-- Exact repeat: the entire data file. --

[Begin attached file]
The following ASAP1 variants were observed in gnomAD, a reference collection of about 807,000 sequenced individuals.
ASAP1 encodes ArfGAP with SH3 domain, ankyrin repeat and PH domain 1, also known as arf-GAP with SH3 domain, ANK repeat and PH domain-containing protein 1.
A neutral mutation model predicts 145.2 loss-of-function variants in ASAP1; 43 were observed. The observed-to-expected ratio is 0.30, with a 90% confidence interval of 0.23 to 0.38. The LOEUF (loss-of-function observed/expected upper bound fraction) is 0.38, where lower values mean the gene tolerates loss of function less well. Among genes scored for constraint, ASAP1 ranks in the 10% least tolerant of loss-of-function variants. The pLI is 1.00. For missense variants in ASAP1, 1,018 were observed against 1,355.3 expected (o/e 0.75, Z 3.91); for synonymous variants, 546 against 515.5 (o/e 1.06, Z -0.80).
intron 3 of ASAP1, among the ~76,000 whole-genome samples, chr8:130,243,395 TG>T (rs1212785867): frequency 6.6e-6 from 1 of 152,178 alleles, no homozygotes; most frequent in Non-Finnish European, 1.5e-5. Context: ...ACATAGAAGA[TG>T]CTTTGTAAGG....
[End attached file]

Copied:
The following ASAP1 variants were observed in gnomAD, a reference collection of about 807,000 sequenced individuals.
ASAP1 encodes ArfGAP with SH3 domain, ankyrin repeat and PH domain 1, also known as arf-GAP with SH3 domain, ANK repeat and PH domain-containing protein 1.
A neutral mutation model predicts 145.2 loss-of-function variants in ASAP1; 43 were observed. The observed-to-expected ratio is 0.30, with a 90% confidence interval of 0.23 to 0.38. The LOEUF (loss-of-function observed/expected upper bound fraction) is 0.38, where lower values mean the gene tolerates loss of function less well. Among genes scored for constraint, ASAP1 ranks in the 10% least tolerant of loss-of-function variants. The pLI is 1.00. For missense variants in ASAP1, 1,018 were observed against 1,355.3 expected (o/e 0.75, Z 3.91); for synonymous variants, 546 against 515.5 (o/e 1.06, Z -0.80).
intron 3 of ASAP1, among the ~76,000 whole-genome samples, chr8:130,243,395 TG>T (rs1212785867): frequency 6.6e-6 from 1 of 152,178 alleles, no homozygotes; most frequent in Non-Finnish European, 1.5e-5. Context: ...ACATAGAAGA[TG>T]CTTTGTAAGG....